Fresh salad with kale, spinach, and arugula
Veggies such as kale, spinach, and arugula do well for early autumn harvests, and they‘re also excellent salad bases. For some autumnal flair, chop up and roast root veggies such as sweet potatoes or beets. Pop in the protein of your choice—chicken breast and tofu are easy go-to's that you can heat up quickly on your grill. To use even more of your garden goods, add herbs such as tarragon and rosemary to enhance the dressing or vinaigrette for your fresh salad.
Barbecued carrots
Barbecued food doesn't only have to be summer fare. A great autumnal recipe for your outdoor kitchen is barbecued carrots with some toasted pecans. After coating your carrots in oil and grilling them for around 20 minutes, toss them in a dressing with vinegar, soy sauce, fresh herbs, garlic, and ginger. Add in toasted pecans or the nuts of your choice for extra texture and flavor. Obviously, carrots aren’t the only veggies that you can grill—you can try cooking broccoli, corn, and more! Grilled veggies make for easy and delicious side dishes that will surely win over your guests.
Grilled fish with lemon and herbs
Fish with lemon and herbs is one of the most laidback recipes you can prepare for your autumn soirées. It’s uncomplicated, but still filling and flavorful. All you need to do is stuff the fish of your choice with lemon, garlic, and herbs. Then, drizzle oil on your fish and leave it on the grill for six minutes or so on each side. Fresh herbs that work perfectly for this dish include parsley, thyme, and dill—whatever is handy in your herb garden!

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How to choose the best outdoor sink for your entertaining area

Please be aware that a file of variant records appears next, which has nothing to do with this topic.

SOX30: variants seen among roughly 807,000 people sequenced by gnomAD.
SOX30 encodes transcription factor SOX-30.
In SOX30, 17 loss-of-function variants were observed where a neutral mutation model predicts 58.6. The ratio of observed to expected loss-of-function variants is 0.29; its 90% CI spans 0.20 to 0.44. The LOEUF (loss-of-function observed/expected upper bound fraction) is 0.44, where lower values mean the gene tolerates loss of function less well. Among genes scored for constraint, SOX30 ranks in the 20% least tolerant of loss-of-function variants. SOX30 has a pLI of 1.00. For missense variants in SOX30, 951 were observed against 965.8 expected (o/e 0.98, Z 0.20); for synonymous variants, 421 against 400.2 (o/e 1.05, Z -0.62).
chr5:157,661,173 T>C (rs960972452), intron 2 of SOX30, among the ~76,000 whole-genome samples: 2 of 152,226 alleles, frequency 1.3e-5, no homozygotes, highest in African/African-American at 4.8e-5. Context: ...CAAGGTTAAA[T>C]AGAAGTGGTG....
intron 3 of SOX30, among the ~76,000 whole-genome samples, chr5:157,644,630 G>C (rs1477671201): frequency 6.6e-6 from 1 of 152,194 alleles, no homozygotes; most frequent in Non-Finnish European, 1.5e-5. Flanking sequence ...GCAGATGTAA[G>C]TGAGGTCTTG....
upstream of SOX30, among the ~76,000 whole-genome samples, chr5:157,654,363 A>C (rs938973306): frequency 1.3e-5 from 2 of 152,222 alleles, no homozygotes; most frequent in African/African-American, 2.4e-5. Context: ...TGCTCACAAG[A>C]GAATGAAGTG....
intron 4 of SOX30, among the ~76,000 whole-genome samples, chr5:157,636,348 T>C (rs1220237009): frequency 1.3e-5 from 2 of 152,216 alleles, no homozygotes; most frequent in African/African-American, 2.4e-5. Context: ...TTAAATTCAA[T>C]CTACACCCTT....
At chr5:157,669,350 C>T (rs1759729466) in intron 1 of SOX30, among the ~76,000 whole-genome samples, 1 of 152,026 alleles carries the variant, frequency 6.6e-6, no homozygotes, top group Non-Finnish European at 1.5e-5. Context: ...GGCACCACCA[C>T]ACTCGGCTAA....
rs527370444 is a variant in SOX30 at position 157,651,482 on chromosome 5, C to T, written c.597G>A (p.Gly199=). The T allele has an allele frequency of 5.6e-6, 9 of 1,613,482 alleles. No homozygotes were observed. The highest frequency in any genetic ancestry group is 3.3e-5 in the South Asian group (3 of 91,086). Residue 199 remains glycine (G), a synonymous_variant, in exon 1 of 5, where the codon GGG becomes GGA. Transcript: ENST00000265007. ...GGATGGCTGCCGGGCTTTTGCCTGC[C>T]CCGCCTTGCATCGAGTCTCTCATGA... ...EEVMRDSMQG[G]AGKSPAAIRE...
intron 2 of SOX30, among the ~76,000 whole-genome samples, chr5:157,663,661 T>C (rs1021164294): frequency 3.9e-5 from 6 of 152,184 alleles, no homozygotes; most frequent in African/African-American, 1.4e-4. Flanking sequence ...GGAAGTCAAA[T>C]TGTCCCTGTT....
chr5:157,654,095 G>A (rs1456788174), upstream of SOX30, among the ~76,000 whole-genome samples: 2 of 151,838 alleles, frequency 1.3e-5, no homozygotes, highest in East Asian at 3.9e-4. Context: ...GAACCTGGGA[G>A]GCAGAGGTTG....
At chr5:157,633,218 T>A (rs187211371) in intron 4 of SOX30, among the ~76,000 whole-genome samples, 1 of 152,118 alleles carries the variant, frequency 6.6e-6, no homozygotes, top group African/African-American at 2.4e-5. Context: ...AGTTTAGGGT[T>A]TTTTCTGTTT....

Outdoor sink

Setting up an outdoor kitchen can be quite an undertaking, but it's well worth your time, energy, and money if you want to prepare food for your guests outside. Naturally, an outdoor kitchen and an outdoor sink go hand-in-hand. The process of selecting and installing an outdoor sink, however, can be a confusing one. Deciding on the material alone can put you down a rabbit hole, so what are the main factors to consider when setting up a sink for your outdoor kitchen? Keep reading to find out!

Benefits of having an outdoor sink
Before we get into the details, let’s consider the general benefits of having an outdoor sink. Though you could always dash indoors to access your bathroom or kitchen sink, keeping one outside can be very convenient. If you prepare meals during a barbecue or cookout, an outdoor sink makes it easy to wash food and dishes outside instead of lugging things in and out of the house. If you have a double-basin sink, you can even chill your drinks on one side. Even when you're not hosting guests, having an outside sink during the warm-weather season can be helpful. You can use it to clean your harvests before bringing them into the house, for example. You can also use an outdoor sink to water your potted plants and wash your hands and other materials while working on outdoor or garage projects.
What to consider when you install an outdoor sink
Some sinks at big-box and hardware stores come with everything—faucets, fittings, the whole shebang! However, you may want to source your own components for easy customization and the best prices possible. There are three essential components for an outdoor sink: the basin, faucet, and plumbing.